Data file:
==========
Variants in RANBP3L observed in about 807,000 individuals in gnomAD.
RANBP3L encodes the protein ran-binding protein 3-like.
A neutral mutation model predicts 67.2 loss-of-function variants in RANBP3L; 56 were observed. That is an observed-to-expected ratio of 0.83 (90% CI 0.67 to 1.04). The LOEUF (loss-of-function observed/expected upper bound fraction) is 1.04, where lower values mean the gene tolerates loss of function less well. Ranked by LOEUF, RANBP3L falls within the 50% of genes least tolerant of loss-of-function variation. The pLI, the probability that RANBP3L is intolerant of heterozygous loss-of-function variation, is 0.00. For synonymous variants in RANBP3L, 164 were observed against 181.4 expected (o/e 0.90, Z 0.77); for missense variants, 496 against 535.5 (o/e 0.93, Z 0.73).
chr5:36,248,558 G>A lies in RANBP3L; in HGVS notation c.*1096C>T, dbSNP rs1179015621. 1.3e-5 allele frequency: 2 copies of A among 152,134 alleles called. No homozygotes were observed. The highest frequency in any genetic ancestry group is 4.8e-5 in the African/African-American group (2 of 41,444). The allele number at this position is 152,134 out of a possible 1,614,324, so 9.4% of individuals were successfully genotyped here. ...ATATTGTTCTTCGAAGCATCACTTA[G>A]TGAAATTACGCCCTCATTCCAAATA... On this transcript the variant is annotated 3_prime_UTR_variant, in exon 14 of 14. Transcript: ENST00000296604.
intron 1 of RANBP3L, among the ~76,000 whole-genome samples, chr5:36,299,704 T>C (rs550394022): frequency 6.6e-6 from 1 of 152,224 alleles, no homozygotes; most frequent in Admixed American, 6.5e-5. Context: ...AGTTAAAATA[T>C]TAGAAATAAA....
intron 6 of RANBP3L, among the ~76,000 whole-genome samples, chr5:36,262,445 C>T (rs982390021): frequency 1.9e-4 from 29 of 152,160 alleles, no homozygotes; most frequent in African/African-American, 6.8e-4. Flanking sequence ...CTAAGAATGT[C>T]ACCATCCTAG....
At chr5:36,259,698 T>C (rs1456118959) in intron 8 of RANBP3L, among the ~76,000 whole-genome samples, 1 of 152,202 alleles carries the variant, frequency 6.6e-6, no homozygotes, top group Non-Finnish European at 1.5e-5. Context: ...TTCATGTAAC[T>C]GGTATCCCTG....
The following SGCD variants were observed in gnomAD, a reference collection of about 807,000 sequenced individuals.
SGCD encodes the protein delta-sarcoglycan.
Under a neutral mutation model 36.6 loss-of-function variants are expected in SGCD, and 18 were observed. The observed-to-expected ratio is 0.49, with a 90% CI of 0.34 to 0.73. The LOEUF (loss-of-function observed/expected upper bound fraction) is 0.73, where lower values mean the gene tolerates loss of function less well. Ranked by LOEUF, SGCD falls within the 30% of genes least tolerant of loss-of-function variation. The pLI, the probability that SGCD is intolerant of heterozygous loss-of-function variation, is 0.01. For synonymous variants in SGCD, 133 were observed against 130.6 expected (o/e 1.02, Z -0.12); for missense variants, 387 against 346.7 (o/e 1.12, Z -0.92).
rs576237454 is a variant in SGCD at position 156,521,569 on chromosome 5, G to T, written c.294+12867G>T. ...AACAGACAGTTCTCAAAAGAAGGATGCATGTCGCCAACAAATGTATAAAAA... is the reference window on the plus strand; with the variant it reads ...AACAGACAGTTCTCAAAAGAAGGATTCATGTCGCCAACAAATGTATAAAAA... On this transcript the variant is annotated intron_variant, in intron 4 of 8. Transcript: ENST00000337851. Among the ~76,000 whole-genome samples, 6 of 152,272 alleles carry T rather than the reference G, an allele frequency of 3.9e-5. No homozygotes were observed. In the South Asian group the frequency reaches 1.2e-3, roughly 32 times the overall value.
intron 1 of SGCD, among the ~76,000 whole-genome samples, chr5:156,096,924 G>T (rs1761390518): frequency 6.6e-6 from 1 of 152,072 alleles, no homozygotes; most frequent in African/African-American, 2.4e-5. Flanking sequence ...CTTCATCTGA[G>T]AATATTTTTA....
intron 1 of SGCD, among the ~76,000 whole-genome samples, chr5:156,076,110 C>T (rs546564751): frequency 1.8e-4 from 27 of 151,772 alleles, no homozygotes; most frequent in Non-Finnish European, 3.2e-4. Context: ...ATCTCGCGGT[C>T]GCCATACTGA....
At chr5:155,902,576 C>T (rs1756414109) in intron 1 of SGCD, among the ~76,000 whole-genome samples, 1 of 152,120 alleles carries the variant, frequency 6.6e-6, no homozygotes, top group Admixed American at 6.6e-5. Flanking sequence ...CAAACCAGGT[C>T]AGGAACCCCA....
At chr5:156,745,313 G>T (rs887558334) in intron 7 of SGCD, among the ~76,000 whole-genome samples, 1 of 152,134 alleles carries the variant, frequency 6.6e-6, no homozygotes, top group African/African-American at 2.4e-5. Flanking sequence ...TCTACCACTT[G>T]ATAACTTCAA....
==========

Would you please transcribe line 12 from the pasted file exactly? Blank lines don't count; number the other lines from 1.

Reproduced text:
intron 1 of SGCD, among the ~76,000 whole-genome samples, chr5:156,096,924 G>T (rs1761390518): frequency 6.6e-6 from 1 of 152,072 alleles, no homozygotes; most frequent in African/African-American, 2.4e-5. Flanking sequence ...CTTCATCTGA[G>T]AATATTTTTA....